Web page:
After Manila’s reversal of a 7-year-old policy opposing Beijing‘s expansive maritime claim, the Philippine immigration office declared on Wednesday that it would start stamping passports of visiting Chinese nationals.
Immigration officers have now been directed to put arrival and departure stamps on Chinese passports next to Philippine visas, Commissioner Jaime Morente said in a statement.
Earlier, President Rodrigo Duterte gave the go signal to stamp Philippine visas on such passports even though they were printed with a map showing the nine-dash line from Beijing.
This doctrine, which Beijing uses to claim more than 85% of the resource-rich South China Sea, was invalidated by the Permanent Court of Arbitration in The Hague.
In 2012, the Aquino administration protested the e-passport nine-dash line prints, opting to put Philippine visas on a separate document.
We support this DFA policy update,” Morente said. “We have also expressed security concerns about the old practice in the past, as paper sheets can easily be lost.
Last August, Foreign Secretary Teodoro Locsin Jr. said that Philippine visas will now display the map of the whole Philippine EEZ to its fullest extent, including Benham Rise along with other territorial claims.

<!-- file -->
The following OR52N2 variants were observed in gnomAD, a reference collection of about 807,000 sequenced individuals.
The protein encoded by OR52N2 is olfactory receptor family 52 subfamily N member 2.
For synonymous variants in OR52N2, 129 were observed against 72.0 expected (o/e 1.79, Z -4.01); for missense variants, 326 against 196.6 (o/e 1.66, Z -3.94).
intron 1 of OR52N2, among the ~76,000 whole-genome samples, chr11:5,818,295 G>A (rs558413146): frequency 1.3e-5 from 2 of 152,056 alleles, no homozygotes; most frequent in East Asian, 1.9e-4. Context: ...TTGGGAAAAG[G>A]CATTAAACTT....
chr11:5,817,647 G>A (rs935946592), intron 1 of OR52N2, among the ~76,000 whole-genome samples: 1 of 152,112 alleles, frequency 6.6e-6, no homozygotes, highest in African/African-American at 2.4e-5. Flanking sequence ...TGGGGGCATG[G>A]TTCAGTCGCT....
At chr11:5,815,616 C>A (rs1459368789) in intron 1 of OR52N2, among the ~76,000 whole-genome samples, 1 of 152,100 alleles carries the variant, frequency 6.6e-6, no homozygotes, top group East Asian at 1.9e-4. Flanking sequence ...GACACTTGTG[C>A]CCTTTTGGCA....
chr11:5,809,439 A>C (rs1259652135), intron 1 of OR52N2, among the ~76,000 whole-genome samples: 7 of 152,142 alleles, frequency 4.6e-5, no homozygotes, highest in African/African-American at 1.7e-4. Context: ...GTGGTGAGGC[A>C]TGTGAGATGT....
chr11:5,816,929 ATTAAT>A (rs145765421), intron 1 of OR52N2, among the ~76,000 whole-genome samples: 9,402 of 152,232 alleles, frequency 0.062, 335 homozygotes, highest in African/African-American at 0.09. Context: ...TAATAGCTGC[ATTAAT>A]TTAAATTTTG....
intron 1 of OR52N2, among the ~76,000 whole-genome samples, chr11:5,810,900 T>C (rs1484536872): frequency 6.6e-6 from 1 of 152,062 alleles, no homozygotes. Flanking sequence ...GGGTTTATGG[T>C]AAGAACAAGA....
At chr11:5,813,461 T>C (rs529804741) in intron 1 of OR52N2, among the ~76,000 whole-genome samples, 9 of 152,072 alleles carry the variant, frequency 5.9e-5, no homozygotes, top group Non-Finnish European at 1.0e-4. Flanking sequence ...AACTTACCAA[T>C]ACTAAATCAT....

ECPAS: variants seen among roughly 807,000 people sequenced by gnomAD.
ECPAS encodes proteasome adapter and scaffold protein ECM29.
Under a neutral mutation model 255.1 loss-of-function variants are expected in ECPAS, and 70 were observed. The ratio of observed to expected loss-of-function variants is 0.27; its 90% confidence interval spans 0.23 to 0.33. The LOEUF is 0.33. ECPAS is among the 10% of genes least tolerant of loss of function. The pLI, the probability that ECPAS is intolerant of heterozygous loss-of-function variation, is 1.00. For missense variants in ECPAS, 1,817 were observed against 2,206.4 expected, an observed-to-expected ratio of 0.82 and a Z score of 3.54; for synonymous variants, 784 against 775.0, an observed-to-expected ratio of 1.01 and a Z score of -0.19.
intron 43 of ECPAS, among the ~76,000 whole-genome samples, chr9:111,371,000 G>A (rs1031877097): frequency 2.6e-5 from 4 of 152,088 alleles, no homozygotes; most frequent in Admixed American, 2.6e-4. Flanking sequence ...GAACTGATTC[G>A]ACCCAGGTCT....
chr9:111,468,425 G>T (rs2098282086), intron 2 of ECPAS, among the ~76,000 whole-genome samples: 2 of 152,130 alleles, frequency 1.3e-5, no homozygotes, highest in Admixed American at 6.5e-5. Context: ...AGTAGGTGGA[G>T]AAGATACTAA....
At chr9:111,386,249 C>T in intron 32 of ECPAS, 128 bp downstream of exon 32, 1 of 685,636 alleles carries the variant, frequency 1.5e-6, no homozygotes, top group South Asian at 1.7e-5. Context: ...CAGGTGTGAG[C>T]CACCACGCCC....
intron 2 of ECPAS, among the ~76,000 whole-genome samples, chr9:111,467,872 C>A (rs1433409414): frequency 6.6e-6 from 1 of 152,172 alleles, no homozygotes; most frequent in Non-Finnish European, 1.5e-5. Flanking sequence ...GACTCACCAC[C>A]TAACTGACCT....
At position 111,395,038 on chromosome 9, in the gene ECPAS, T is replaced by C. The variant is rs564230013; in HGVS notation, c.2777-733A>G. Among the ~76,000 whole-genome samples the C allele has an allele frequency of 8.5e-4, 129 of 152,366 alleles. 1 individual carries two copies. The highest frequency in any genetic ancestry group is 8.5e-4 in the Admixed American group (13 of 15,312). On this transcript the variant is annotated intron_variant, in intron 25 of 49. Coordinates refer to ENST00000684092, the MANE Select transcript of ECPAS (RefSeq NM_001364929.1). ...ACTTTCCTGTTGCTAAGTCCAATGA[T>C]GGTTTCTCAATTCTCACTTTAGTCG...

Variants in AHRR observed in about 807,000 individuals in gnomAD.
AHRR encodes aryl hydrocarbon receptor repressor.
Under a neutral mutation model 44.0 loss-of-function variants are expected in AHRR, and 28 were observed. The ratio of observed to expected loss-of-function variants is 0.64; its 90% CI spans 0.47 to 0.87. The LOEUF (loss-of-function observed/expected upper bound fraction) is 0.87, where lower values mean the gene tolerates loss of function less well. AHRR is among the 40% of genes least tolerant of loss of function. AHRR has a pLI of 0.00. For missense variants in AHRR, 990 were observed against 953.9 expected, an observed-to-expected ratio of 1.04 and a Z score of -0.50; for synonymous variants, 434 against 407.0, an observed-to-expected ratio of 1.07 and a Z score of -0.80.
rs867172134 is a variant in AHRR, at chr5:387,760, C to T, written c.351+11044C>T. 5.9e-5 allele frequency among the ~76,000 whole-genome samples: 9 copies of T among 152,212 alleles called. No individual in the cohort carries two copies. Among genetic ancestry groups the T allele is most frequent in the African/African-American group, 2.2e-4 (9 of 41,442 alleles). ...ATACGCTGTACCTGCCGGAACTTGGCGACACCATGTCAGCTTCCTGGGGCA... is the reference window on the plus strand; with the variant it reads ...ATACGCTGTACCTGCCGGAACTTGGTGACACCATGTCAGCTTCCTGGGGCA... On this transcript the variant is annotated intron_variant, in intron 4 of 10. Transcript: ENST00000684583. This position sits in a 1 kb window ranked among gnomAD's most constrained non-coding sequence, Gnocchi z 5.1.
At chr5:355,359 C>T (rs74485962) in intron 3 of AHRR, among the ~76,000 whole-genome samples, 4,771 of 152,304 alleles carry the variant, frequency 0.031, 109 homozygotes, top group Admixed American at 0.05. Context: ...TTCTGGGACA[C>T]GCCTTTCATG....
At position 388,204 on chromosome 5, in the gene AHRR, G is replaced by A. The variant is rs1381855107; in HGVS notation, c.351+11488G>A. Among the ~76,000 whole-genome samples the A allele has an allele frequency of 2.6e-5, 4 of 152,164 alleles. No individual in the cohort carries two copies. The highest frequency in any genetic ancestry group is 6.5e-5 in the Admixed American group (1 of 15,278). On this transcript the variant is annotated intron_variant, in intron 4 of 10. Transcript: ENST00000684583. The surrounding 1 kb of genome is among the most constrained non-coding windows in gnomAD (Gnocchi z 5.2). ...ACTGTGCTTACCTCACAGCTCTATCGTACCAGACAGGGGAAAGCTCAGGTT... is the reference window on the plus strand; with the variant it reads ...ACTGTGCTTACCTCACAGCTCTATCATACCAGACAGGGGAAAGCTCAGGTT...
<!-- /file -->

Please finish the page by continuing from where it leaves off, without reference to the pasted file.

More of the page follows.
According to lawyer Jay Batongbacal, director of the University of the Philippines Institute for Maritime Affairs and Sea Law, China’s nine-dash line photos on its passport have no legal effect and its value is for propaganda purposes only.
It’s a fair game, he said.
You fight propaganda in a way with your own propaganda, but the Philippine stamp represents the facts this time at least. It also reflects what is acceptable in international law.
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